What does good does the Monarchy really do ? Watch

gladders
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#181
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#181
(Original post by Onde)
This is hardly a strong argument in favour of monarchy, compared to choosing someone purely on the basis of merit.
Choosing on the basis of merit is not something done through elections.

Monarchy acquires merit through pre-inheritance training, and through long-term service.
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Midlander
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#182
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(Original post by gladders)
Well, what can I say? I can only conclude you have absolutely no idea about work or real life. Despite your repeated, baseless assertions, it is hard work, and it's valuable work, and it can drive enormous stress.

I have been in work for years and I can say without hesitancy that if you offered me days of shaking hands and eating banquets, for life, with palaces and country estates to live in, I would snap your hand off. So would anyone who struggles to make a living. The Queen would not trade places with them, end of discussion.

You still haven't explained how it's easy work for both the monarch and the president, and yet somehow pointless for the monarch, and valuable for the president. You're inherently contradictory.

I have never claimed this and you have seen me criticise ceremonial positions many, many times. But *if* we absolutely must have a ceremonial leader I want the position elected.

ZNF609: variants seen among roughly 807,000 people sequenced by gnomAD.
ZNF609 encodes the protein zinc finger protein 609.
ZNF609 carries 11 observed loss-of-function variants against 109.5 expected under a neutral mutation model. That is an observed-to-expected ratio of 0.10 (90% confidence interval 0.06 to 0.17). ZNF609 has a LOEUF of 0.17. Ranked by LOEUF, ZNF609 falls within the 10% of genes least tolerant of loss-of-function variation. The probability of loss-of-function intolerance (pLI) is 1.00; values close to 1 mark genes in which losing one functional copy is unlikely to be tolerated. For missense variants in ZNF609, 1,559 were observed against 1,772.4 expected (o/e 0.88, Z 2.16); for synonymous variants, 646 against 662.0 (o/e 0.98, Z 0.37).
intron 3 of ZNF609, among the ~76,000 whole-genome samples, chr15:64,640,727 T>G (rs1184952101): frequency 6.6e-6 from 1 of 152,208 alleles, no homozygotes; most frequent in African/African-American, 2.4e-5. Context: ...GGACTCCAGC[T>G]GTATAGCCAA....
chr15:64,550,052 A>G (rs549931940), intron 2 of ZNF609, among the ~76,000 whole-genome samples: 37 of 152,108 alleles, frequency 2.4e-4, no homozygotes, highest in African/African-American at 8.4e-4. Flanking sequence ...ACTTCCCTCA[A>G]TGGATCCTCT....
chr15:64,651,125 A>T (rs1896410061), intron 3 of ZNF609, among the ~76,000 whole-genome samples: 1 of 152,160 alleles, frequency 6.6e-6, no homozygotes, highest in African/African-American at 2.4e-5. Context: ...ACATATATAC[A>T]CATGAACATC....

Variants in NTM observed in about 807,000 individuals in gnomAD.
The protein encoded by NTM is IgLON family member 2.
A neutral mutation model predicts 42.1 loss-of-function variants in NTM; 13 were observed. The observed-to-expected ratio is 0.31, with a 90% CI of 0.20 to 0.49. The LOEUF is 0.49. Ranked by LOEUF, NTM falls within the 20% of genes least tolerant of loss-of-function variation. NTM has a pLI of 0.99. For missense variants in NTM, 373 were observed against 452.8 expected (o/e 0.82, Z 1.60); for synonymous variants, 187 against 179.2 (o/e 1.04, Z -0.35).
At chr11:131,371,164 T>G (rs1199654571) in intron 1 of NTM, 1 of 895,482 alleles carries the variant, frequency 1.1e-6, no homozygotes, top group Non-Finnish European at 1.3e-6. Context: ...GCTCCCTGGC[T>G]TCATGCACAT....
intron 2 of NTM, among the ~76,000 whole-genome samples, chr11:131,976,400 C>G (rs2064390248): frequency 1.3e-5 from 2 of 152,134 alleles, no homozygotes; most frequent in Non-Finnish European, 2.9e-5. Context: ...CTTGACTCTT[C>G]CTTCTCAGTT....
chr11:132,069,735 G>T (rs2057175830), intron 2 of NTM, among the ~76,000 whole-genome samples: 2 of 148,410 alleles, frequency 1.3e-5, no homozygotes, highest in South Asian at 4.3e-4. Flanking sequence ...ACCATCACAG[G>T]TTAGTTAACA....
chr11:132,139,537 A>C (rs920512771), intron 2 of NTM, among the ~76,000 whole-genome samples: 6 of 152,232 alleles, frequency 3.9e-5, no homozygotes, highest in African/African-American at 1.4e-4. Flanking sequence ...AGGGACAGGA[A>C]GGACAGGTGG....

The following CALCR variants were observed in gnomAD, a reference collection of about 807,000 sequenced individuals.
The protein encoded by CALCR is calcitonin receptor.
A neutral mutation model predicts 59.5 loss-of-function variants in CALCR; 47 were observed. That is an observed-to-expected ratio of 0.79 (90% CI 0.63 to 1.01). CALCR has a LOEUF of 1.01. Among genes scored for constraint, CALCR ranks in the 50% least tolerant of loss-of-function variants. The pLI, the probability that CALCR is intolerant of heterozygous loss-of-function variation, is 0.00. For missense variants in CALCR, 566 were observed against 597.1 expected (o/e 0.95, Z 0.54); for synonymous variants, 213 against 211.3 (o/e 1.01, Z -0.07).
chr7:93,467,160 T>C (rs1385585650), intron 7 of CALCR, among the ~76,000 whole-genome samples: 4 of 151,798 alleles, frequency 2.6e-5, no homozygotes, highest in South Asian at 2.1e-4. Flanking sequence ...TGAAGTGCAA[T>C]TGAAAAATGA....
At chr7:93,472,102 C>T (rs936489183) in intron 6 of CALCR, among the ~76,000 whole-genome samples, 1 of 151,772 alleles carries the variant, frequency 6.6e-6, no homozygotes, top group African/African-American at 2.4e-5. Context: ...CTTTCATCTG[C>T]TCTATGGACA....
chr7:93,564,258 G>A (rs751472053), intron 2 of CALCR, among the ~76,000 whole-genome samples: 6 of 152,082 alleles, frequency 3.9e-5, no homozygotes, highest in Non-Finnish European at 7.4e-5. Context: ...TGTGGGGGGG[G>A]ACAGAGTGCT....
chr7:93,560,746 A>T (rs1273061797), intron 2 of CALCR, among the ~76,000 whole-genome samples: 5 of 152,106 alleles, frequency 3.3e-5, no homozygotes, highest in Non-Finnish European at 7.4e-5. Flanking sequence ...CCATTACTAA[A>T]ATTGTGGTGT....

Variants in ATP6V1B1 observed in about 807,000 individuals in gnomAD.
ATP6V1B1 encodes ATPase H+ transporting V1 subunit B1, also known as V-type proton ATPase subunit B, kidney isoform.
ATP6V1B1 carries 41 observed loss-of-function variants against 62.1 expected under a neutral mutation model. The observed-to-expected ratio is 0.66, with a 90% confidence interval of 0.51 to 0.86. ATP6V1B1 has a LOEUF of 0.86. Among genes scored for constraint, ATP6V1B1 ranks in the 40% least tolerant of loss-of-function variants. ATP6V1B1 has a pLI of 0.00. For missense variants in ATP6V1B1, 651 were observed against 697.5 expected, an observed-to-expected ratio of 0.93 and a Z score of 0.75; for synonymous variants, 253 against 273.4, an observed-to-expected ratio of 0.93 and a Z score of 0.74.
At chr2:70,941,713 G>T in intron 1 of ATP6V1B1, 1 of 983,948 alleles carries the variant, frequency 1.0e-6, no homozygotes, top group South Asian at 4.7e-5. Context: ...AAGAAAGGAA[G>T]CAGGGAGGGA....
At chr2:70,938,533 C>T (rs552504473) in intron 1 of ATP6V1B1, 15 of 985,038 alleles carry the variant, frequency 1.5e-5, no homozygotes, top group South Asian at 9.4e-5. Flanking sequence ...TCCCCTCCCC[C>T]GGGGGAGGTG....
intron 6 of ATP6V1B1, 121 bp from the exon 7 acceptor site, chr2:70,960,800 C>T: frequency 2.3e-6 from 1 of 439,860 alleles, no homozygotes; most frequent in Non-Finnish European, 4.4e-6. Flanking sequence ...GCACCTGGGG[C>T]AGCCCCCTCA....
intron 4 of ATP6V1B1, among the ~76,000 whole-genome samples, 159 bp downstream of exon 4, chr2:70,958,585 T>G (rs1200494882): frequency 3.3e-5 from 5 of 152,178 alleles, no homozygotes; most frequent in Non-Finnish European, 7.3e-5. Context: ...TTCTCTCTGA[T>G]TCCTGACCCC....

How do these things affect the workload of the office? This is simply an unsupported assertion by you.



You really don't read what's put before you, do you? No, we don't elect the position because doing so adds no value to the position and is not something that is essential, given that most other countries do not elect the position.

It adds accountability and reduces the celebrity status attached to the position. Still not as good as an executive leader but some advantages over treating people literally as royalty on account of their ancestry.

Oh please. You have absolutely no evidence that the PM somehow fawns over the Queen just because he has to speak to her once a week. And somehow you consider someone who won a popularity contest more legitimate to speak to the PM in such a way? Utterly surreal.
David Cameron is an Old Etonian born into a life of privilege-he has much more in common with the Queen than he does with someone struggling to put food on the table. I consider each and every person in the UK fit to speak to the PM in such a way-someone being a Windsor does not somehow elevate them above anyone else.
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gladders